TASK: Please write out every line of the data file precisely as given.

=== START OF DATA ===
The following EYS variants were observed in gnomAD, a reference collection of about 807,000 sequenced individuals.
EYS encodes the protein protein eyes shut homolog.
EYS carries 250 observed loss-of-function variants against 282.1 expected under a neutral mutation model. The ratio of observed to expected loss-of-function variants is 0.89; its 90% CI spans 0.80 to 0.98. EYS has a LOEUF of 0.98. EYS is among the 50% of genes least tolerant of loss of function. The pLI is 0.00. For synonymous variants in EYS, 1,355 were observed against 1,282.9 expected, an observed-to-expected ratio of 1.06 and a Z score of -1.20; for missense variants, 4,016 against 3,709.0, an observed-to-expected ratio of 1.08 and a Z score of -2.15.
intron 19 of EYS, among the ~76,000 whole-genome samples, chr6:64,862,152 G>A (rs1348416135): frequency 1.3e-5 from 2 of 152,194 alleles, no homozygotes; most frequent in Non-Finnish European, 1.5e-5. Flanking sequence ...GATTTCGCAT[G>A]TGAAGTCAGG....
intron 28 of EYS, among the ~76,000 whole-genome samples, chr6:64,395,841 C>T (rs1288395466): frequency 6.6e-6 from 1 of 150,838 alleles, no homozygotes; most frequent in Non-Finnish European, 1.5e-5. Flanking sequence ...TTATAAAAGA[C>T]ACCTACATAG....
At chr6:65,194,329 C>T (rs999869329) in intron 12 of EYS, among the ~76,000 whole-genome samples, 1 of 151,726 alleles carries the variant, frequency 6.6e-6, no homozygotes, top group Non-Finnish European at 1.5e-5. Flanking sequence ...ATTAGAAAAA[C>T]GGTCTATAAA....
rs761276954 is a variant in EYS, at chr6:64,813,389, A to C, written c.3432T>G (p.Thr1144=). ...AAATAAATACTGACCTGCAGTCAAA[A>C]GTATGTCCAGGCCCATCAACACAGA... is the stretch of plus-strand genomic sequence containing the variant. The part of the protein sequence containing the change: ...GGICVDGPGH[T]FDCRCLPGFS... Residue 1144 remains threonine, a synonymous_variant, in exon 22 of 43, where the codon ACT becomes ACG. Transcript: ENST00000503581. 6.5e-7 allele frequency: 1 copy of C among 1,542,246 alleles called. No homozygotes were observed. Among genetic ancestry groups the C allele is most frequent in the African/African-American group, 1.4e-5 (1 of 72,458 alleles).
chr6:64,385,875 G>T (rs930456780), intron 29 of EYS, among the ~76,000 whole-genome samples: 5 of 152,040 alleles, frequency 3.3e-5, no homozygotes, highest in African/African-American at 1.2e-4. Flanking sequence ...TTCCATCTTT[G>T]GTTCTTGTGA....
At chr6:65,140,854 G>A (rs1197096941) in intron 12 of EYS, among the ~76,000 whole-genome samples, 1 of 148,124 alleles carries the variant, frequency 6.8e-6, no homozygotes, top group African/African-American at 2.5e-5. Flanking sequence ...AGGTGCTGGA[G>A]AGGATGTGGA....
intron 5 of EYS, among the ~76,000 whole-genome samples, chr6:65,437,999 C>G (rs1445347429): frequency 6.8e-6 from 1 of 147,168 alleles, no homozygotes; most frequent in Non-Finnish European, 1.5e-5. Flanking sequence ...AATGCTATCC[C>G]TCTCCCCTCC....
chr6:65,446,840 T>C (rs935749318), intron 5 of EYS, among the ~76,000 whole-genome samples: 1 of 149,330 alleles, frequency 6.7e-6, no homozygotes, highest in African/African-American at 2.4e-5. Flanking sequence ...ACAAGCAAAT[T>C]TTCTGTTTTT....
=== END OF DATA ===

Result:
The following EYS variants were observed in gnomAD, a reference collection of about 807,000 sequenced individuals.
EYS encodes the protein protein eyes shut homolog.
EYS carries 250 observed loss-of-function variants against 282.1 expected under a neutral mutation model. The ratio of observed to expected loss-of-function variants is 0.89; its 90% CI spans 0.80 to 0.98. EYS has a LOEUF of 0.98. EYS is among the 50% of genes least tolerant of loss of function. The pLI is 0.00. For synonymous variants in EYS, 1,355 were observed against 1,282.9 expected, an observed-to-expected ratio of 1.06 and a Z score of -1.20; for missense variants, 4,016 against 3,709.0, an observed-to-expected ratio of 1.08 and a Z score of -2.15.
intron 19 of EYS, among the ~76,000 whole-genome samples, chr6:64,862,152 G>A (rs1348416135): frequency 1.3e-5 from 2 of 152,194 alleles, no homozygotes; most frequent in Non-Finnish European, 1.5e-5. Flanking sequence ...GATTTCGCAT[G>A]TGAAGTCAGG....
intron 28 of EYS, among the ~76,000 whole-genome samples, chr6:64,395,841 C>T (rs1288395466): frequency 6.6e-6 from 1 of 150,838 alleles, no homozygotes; most frequent in Non-Finnish European, 1.5e-5. Flanking sequence ...TTATAAAAGA[C>T]ACCTACATAG....
At chr6:65,194,329 C>T (rs999869329) in intron 12 of EYS, among the ~76,000 whole-genome samples, 1 of 151,726 alleles carries the variant, frequency 6.6e-6, no homozygotes, top group Non-Finnish European at 1.5e-5. Flanking sequence ...ATTAGAAAAA[C>T]GGTCTATAAA....
rs761276954 is a variant in EYS, at chr6:64,813,389, A to C, written c.3432T>G (p.Thr1144=). ...AAATAAATACTGACCTGCAGTCAAA[A>C]GTATGTCCAGGCCCATCAACACAGA... is the stretch of plus-strand genomic sequence containing the variant. The part of the protein sequence containing the change: ...GGICVDGPGH[T]FDCRCLPGFS... Residue 1144 remains threonine, a synonymous_variant, in exon 22 of 43, where the codon ACT becomes ACG. Transcript: ENST00000503581. 6.5e-7 allele frequency: 1 copy of C among 1,542,246 alleles called. No homozygotes were observed. Among genetic ancestry groups the C allele is most frequent in the African/African-American group, 1.4e-5 (1 of 72,458 alleles).
chr6:64,385,875 G>T (rs930456780), intron 29 of EYS, among the ~76,000 whole-genome samples: 5 of 152,040 alleles, frequency 3.3e-5, no homozygotes, highest in African/African-American at 1.2e-4. Flanking sequence ...TTCCATCTTT[G>T]GTTCTTGTGA....
At chr6:65,140,854 G>A (rs1197096941) in intron 12 of EYS, among the ~76,000 whole-genome samples, 1 of 148,124 alleles carries the variant, frequency 6.8e-6, no homozygotes, top group African/African-American at 2.5e-5. Flanking sequence ...AGGTGCTGGA[G>A]AGGATGTGGA....
intron 5 of EYS, among the ~76,000 whole-genome samples, chr6:65,437,999 C>G (rs1445347429): frequency 6.8e-6 from 1 of 147,168 alleles, no homozygotes; most frequent in Non-Finnish European, 1.5e-5. Flanking sequence ...AATGCTATCC[C>G]TCTCCCCTCC....
chr6:65,446,840 T>C (rs935749318), intron 5 of EYS, among the ~76,000 whole-genome samples: 1 of 149,330 alleles, frequency 6.7e-6, no homozygotes, highest in African/African-American at 2.4e-5. Flanking sequence ...ACAAGCAAAT[T>C]TTCTGTTTTT....